Henry Rollins talks not being a comedian, David Lee Roth's advice
Henry Rollins can be a funny guy, especially when he's performing his self-described "talking shows," but he doesn't think it's stand-up comedy.
Six months after its premiere on Showtime, the latest spoken word special from musician, actor and writer Henry Rollins is set to debut on the Comedy Dynamics Network via iTunes, Google Play, Amazon, Microsoft Xbox, Vudu, Spectrum and Dish Network.
In Keep Talking, Pal, Rollins tells equally comedic and thoughtful stories about his time as the frontman of the Henry Rollins Band, his friendship with the iconic American drag queen RuPaul and the current state of politics in America. As the nearly 58-year-old performer explained it to Metro, however, he doesn't consider himself a comedian.
"Maybe I have more comedic beats in what I say these days, but I've never considered what I'm doing to be a stand-up show," he explains. "I still call them 'talking shows.' So when people ask me if I'm a comedian or not, I always make fun of myself. I'm just a nervous guy talking at a high rate of speed. So, basically, I'm just a reporter. I'm telling the audience stories of what I've seen and all my I travels. I travel all over the world looking for great stories."
Even so, Rollins understands why comedy audiences who may not be familiar with his previous "talking shows" would be interested in Keep Talking, Pal.
"Lewis Black, for example, says s--t that's not always funny. It's amazing but it's not necessarily funny," he says. "And then you're laughing a minute later. When you get him on heated topics like abortion and similar stuff, though, he's as serious as a heart attack."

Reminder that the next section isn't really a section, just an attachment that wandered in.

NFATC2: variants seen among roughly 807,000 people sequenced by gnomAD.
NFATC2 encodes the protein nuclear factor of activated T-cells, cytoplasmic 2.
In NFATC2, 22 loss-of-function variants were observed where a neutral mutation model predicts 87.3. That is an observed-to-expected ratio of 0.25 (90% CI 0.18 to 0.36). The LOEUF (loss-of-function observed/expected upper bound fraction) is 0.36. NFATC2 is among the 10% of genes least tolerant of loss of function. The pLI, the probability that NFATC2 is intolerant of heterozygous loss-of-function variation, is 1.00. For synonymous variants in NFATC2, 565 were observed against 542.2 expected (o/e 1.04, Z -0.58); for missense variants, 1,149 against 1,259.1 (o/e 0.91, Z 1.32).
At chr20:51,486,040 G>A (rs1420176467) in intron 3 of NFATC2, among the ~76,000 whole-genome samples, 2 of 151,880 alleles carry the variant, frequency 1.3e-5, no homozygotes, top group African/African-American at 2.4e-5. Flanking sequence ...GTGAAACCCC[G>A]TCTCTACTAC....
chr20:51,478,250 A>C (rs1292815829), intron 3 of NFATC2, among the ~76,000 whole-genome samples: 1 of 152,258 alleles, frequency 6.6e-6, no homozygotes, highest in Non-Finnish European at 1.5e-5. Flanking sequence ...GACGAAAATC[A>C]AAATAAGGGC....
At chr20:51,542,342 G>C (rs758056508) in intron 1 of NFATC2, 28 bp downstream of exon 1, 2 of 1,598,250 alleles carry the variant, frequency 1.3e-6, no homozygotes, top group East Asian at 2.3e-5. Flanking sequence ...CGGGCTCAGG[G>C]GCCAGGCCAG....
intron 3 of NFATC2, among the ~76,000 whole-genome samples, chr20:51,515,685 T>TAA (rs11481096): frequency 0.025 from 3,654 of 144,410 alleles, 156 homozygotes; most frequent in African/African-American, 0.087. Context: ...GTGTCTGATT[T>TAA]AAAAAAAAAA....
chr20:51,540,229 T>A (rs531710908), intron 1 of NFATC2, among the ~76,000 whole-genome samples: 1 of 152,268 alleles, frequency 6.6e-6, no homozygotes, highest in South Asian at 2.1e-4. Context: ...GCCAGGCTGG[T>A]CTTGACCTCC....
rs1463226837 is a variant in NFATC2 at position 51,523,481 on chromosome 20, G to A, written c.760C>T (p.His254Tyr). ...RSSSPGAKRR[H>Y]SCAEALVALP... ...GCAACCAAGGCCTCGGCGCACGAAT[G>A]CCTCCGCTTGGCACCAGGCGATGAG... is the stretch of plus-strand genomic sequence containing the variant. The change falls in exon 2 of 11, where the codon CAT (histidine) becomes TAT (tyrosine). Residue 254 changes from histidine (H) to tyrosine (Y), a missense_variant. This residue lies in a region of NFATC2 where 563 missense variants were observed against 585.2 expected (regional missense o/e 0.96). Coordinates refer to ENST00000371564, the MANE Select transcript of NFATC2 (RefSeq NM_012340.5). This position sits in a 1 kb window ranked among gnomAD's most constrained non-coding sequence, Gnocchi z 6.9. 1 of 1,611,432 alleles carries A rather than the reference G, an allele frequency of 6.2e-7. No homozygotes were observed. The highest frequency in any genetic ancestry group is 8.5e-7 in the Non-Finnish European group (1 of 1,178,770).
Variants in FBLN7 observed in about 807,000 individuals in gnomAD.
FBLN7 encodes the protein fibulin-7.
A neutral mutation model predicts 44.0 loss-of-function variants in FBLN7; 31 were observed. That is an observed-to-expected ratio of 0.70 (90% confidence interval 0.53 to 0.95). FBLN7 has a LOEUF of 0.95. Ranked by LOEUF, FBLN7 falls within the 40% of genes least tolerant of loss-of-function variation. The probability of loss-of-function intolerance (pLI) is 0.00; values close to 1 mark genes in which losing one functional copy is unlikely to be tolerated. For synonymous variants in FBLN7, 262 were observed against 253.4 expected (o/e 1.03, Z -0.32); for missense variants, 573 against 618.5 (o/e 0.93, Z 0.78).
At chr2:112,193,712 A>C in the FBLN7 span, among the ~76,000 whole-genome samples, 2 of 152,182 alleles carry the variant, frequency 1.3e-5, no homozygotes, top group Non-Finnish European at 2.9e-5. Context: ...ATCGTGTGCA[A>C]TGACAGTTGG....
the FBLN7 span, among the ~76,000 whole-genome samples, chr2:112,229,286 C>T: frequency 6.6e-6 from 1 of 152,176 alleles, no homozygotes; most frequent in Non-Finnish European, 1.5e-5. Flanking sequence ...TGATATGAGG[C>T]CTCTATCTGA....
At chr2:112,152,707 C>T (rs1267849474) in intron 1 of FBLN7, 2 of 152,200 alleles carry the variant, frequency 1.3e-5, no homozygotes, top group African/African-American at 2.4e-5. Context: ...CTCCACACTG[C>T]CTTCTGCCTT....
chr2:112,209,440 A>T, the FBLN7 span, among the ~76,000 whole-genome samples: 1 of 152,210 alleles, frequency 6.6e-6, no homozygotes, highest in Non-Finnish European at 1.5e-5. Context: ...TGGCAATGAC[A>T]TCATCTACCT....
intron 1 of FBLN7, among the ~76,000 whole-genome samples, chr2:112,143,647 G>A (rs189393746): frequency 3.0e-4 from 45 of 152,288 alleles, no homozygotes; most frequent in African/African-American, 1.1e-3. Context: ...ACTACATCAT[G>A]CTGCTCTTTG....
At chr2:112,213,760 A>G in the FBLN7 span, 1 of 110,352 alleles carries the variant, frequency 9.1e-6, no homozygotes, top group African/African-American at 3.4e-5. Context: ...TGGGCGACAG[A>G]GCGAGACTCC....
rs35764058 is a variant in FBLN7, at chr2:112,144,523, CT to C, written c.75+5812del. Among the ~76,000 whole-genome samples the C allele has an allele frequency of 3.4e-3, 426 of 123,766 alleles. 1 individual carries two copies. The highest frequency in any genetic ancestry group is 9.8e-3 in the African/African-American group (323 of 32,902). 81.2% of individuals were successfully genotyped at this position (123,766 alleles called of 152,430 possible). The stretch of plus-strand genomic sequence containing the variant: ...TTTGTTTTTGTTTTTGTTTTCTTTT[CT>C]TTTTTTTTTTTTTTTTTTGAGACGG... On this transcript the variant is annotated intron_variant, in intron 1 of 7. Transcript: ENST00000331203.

Hence why the special largely consists of long, detailed stories regarding Rollins' various experiences that are occasionally punctuated by punchlines. It's nothing like a typical stand-up set, during which the performing comic will pepper their set with jokes every 10 to 15 seconds, but it's still enough to keep viewers engaged.
Aside from the fact that, as Rollins himself admits, the majority of Keep Talking, Pal's audiences will likely be people who are already familiar with his work, it's evident that he has spent a great deal of time honing the craft of storytelling. Considering his comedy acting credentials, be it for films like The Chase or TV shows like Portlandia, viewers might assume this is due to Rollins' ability to improve. That assumption would be wrong.
"I will walk about a mile out and back on or near Ventura in the San Fernando Valley, where I live, telling myself these stories," he explains. "I'm doing it out loud, like I'm on stage telling them, so that I can hear my voice saying them. That way I can determine which parts are boring and have to go, which lines are good and should be repeated, and so on. That's how I put it all in front of my brainpan."
"I'll keep doing this to work things out," he continues, "while walking along the street or pacing around in my house."
And of all the people he can possibly credit for this particular method, Rollins singles out none other than Van Halen lead singer David Lee Roth.
"He was quite the walker when we used to hang out," recalls Rollins. "We would literally walk miles all over Manhattan and he would have a million ideas the entire time. He talked about all of them as we walked. When I asked him why he did this, he told me Carl Jung used to go to the beach to play in the sand for therapy, or to work things out. It's what people do when they hop on a treadmill, go for a walk or some other active thing when they're stumped."
"You're just kind of on the move and it frees up your mind," he adds. "So whenever I'm about to perform, before the show I will pace for about an hour just get myself ready. The whole time, I'm running through the show in my mind. I can't do it sitting still. I have to be walking."
Anyone familiar with Rollins' stage presence, and especially those who tune in to watch Keep Talking, Pal, will know what he's talking about. He even makes fun of himself for his inability to sit still during the special.
"I'm a pretty hyperactive guy," he laughs. "Since I was about three, we always know that there was going to be a lot of Ritalin in my life."
Henry Rollins: Keep Talking, Pal debuts on the Comedy Dynamics Network on Tuesday, Feb. 12.